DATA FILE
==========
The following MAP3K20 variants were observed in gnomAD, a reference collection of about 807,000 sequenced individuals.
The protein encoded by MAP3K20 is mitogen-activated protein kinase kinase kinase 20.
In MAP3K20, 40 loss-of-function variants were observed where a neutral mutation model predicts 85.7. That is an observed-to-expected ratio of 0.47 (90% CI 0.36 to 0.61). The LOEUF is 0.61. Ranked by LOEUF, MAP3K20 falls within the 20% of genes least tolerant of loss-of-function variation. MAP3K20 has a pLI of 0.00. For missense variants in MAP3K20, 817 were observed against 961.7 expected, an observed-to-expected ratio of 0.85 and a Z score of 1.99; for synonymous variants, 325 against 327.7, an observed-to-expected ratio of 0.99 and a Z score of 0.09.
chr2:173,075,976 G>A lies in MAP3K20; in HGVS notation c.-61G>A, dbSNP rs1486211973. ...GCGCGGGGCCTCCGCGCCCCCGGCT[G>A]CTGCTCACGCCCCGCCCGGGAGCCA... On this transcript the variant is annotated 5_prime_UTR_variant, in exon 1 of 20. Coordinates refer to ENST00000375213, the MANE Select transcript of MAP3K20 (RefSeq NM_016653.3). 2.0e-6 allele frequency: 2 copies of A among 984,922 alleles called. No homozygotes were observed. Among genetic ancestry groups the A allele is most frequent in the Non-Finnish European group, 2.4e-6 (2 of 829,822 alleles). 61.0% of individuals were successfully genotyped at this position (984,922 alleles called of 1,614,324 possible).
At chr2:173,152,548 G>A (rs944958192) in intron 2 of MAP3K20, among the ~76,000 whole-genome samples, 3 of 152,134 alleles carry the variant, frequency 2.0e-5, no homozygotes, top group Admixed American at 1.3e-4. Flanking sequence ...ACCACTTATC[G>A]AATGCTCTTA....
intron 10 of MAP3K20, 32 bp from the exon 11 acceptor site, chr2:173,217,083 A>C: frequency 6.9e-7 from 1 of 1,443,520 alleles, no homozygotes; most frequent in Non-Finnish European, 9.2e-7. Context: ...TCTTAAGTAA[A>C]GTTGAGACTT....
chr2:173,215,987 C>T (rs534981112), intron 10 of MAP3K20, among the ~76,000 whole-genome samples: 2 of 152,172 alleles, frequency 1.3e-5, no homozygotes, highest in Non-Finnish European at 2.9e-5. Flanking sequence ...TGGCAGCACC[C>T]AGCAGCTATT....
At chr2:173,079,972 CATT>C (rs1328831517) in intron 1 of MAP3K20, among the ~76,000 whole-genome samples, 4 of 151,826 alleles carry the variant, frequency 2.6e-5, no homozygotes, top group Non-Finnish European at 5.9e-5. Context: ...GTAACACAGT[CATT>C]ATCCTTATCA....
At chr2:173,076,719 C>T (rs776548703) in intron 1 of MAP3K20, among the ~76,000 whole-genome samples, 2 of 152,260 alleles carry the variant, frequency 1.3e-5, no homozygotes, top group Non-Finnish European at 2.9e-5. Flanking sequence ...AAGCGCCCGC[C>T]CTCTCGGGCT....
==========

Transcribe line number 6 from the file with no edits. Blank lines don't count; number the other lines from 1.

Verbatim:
intron 10 of MAP3K20, 32 bp from the exon 11 acceptor site, chr2:173,217,083 A>C: frequency 6.9e-7 from 1 of 1,443,520 alleles, no homozygotes; most frequent in Non-Finnish European, 9.2e-7. Context: ...TCTTAAGTAA[A>C]GTTGAGACTT....